An elegy for a culture that’s killing itself

hillbilly.jpgI read J.D. Vance’s “Hillbilly Elegy: A Memoir of a Family and Culture in Crisis” about a month ago, and still don’t know what to think about it.

Looking at it one way, the book is an engrossing first-hand story about the life of the rural poor—particularly those in Appalachia—and how one man got out, into the Marines, Ohio State University and into Yale Law School. Now, though Vance’s website says he’s a principal at a leading Silicon Valley investment firm, he is better known as a talking head on cable news channels.

But “Elegy” is also a loving sepia-toned remembrance of a life that no one in America should be living and the people who live it.

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‘Groucho and Me:’ Light on details, but not on laughs

groucho and me 2.jpegReaders shouldn’t turn to “Groucho and Me” funnyman Groucho Marx’s 1959 memoir to learn anything substantial about him or his famous brothers. He even acknowledges that a couple of times. Do pick up the book if you want to laugh. It’s the funniest book I’ve read in a long time.

I chose this book from among several options on my bookshelf to fulfill the Memoir or Biography category for the 2016/17 Classics Challenge. Surprisingly, there were several options on my shelves. I thought it might just be the time to dive into Moss Hart’s “Act One,” (and finally finish) or Sheilah Graham’s “Beloved Infidel,” her take on her relationship with F. Scott Fitzgerald. Oddly, I had even others that could fill the bill, too, but decided humor was the way to go. There’s so little to laugh at these days.

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Words on words: Two odd little books I kind of think I liked

The greatest thing about being curious is that you explore things many others would dismiss out of hand. That is also the worst thing about being curious.

That’s how I came across two recent books that were intriguing, touching and, I think, ultimately rewarding. I must confess, though, I’m not sure that I completely liked either of them.

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No hate, just a lesson in gratitude and moving forward

hate.jpegOn a Friday night in November, 2015, French journalist Antoine Leiris kissed his wife Helene goodbye on her way out the door for a concert. He was watching their 17-month-old son, Melvil. It was the last time he would see her alive.

Helene was one of more than 90 people killed by terrorists at the Bataclan concert house that night in what was the deadliest attack on France since World War II. Two days after the attacks, while still trying to understand what had happened to him, his child, his country, Leiris wrote an open letter to the terrorists in a Facebook post (ah, modern life) that went viral.

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My summer of reading crap: Part 1—Memoirs

It’s been more than three months since I’ve posted, but I’ve been reading. And I’ve begun to lose faith in my ability to choose readable books.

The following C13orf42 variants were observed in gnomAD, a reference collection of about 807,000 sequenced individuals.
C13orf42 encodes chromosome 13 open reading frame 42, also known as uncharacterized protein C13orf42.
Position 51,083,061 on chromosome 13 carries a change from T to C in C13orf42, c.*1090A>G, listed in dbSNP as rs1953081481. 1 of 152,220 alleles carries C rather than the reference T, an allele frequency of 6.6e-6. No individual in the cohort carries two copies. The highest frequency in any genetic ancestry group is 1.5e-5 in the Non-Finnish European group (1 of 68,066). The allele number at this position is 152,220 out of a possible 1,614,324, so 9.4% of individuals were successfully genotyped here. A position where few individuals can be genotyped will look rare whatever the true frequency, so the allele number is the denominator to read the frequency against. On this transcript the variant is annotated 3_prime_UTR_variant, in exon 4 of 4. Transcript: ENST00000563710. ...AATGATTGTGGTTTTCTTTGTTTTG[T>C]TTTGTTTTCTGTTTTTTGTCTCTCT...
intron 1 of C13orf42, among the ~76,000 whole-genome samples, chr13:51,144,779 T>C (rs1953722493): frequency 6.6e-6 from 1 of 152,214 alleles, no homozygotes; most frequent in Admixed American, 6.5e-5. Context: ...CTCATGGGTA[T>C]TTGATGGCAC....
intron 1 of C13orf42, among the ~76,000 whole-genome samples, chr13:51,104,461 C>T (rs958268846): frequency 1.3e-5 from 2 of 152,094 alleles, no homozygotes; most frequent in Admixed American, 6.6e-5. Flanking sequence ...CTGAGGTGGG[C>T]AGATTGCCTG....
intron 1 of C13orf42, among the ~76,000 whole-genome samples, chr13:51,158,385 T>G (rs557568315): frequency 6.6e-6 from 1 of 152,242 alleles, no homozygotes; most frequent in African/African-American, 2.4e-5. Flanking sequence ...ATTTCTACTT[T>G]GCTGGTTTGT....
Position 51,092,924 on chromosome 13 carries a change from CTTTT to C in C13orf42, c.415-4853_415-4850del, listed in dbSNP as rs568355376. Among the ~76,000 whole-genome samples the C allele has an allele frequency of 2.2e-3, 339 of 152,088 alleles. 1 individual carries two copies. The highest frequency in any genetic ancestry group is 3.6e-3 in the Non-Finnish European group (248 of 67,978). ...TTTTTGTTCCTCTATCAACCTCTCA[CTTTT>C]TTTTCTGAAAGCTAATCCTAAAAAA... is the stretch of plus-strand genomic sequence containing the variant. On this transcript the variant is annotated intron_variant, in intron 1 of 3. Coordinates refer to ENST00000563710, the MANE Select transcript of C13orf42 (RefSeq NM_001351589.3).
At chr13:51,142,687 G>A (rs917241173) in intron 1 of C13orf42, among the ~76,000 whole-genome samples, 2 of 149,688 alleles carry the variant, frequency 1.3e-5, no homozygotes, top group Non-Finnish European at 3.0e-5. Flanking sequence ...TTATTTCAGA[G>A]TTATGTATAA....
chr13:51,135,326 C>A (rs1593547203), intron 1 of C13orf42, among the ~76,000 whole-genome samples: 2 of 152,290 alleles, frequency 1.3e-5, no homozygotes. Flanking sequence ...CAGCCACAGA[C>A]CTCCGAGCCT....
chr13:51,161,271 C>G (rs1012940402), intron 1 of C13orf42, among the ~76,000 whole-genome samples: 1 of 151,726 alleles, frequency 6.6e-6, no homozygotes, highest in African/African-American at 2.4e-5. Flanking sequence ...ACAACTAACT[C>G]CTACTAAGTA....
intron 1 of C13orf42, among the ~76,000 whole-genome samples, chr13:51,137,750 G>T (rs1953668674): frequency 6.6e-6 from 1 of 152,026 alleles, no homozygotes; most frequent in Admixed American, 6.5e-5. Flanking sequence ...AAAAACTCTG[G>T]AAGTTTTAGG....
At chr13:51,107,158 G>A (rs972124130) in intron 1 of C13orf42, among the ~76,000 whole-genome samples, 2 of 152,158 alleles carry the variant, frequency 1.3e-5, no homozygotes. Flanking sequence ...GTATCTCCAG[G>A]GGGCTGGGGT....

This summer I read some serious crap. With a few exceptions, everything I have read since I posted on June 10 about “Peyton Place,” (and was pleasantly surprise that it wasn’t crap) has been on the crap spectrum.

I read novels that were highly praised and were crap-like, but not complete turds; novels that sounded good in theory but were crap-ish; good stories ruined by crappy writing; crappy stories told crappily and one of the worst books I’ve ever been encouraged to read. But I’m getting ahead of myself. Here, in short form, are reviews of four memoirs I read that all could have been much better.

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‘My Father, the Pornographer:’ Great title, better memoir

my-father-the-pornographer-9781501112461_lg.jpgI’d never heard of Chris Offutt before I saw the title of his newest book, but I had been familiar with some of his work.

A writer with credits on two TV shows I watched for a while, (“True Blood” and “Weeds”) I had likely been intrigued by the characters Offutt created and laughed at his dark, twisted humor.

Both are present in spades in “My Father, The Pornographer,” his new memoir of his childhood growing up in the hills of Kentucky, the son of a man who made his living writing pornography.

It’s the kind of honest memoir, like “The Glass Castle,” “Angela’s Ashes” and, well, um, hmmmm… are there others? that makes you wonder how some people make it through.

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A son finds himself in hunting down his father’s secret

friends.jpgIn 1970 when his father died, Michael Hainey was six years old and too young to ask questions.

His father, Bob, 35, had dropped dead of an apparent heart attack on the street on the way home from his night shift at the Chicago Sun-Times where he was the night slot on the copy desk. He left behind a wife, Barbara, Michael and his older brother, and a secret.

It wasn’t until many years later, still feeling a loss he couldn’t explain, that Michael began looking into his father’s sudden death and didn’t like what he found. He writes his story in a sometimes moving, sometimes frustrating but straight-up honest memoir, “After Visiting Friends.”

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